UAMS, Baptist Health join forces

The University of Arkansas for Medical Sciences and Baptist Health will establish a medical oncology and infusion clinic at the Baptist Health Medical Center campus in Little Rock and a medical oncology, infusion and radiation therapy clinic at the Baptist Health Medical Center campus in Fort Smith. ,

As part of the Little Rock Project effort, UAMS and Baptist Health will form a limited liability company called BH-UAMS Oncology Services Little Rock, LLC. Each party will own 50% in the LLC.

According to a written submission from University of Arkansas System President Donald Bobbitt, UAMS will make a capital contribution of approximately $1,338,129.

“Through service contracts with the LLC, UAMS will provide management, IT consulting and physician services, all of which will be compensated based on an independent third-party fair market valuation,” written presentation provided to the board of trustees According to the University of Arkansas. The board met on Tuesdays and Wednesdays at the University of Arkansas at Monticello.

Trustee Sheffield Nelson said, “It seems like one of the wisest moves we’ve made in a long time.” “I think it would be a very smart investment.”

During the early stages of their affiliation, Baptist Health and UAMS formed BH-UAMS Oncology Services, LLC, to own and operate a radiation therapy clinic on the campus of Baptist Health Medical Center in North Little Rock.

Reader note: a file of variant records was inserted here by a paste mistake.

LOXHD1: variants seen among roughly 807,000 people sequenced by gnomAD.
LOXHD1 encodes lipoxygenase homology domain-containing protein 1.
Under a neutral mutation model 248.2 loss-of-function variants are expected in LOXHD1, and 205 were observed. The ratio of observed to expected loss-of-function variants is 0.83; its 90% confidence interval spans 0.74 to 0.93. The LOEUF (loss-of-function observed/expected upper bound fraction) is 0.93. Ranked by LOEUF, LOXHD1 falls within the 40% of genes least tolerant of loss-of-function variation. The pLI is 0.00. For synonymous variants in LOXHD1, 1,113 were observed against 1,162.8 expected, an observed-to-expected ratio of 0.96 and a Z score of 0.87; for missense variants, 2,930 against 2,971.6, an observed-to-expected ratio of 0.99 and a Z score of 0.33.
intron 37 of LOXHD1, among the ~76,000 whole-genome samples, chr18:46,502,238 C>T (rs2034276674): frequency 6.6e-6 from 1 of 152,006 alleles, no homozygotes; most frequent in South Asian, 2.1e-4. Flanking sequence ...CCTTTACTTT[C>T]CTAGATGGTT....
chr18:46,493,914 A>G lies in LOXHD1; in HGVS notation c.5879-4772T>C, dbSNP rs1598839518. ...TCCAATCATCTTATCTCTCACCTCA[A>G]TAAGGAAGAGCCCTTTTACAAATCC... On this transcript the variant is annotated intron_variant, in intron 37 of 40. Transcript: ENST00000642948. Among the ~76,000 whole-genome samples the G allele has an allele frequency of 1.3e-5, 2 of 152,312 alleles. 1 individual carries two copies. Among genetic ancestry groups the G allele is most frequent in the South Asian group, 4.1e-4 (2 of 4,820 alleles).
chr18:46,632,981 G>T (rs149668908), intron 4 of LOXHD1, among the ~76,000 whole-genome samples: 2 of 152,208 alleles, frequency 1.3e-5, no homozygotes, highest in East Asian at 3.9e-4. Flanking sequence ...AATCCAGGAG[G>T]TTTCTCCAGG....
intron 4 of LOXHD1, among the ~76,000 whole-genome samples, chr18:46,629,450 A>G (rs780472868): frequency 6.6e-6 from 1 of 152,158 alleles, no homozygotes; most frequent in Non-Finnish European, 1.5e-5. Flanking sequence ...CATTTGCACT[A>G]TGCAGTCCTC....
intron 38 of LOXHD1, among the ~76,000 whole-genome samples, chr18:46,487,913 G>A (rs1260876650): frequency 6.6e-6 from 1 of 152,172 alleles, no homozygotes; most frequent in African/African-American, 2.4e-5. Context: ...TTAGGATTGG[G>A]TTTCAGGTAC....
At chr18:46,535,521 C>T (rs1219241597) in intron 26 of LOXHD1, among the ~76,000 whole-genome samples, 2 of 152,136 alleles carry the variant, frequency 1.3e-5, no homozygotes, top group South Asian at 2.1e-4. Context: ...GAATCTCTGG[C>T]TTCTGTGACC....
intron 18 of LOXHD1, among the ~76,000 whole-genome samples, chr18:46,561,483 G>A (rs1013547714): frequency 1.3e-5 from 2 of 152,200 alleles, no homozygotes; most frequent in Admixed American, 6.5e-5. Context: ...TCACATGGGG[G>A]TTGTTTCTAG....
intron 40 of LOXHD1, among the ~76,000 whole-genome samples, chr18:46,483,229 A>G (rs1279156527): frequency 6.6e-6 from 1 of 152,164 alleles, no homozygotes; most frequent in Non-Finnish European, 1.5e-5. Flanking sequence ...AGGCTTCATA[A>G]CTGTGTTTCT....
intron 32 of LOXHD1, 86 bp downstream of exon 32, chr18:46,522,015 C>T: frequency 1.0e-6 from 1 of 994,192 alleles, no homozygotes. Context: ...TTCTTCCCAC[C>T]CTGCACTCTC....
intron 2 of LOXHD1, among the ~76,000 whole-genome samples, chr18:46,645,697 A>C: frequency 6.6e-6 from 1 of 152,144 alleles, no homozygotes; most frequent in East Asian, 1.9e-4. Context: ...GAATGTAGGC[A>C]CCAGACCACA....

According to the presentation, UAMS also opened a medical oncology and infusion clinic on the same campus so that UAMS and Baptist Health North can provide “comprehensive oncology care” for the Little Rock community.

The purpose of the affiliation is to maximize quality treatment options for residents and citizens of Arkansas to stay in the state for oncology care, improve recruitment of experienced oncology providers to the state, and enable UAMS to achieve National Cancer Institute designation. cancer research – which will provide UAMS with the opportunity to receive additional federal and private grant funding for cancer research.

“I want to commend UAMS on collaborating with other healthcare providers, [because] It’s smart, and I couldn’t endorse it more,” said board chairman CC “Cliff” Gibson III. “We help them, and they help us.”

“We have an obligation to seek opportunities to collaborate,” said UAMS Chancellor Dr. Cam Patterson. “We are open for business.”

The UA board on Wednesday approved the formation and investment of the new limited liability company.

On Tuesday, UAMS officials updated the trustees on their digital health initiative.

The UAMS Institute for Digital Health and Innovation is unique in terms of reaching and improving health outcomes for rural people more than remote health initiatives in any other state, “and I don’t think anyone would disagree with that statement,” Patterson said. Told Mandal.

Patterson said digital health provides access to healthcare so fewer people use emergency rooms as “primary care.” People using the ER for primary care, rather than reserving it for those who truly need emergency care, is “less-than-ideal” for patients and providers.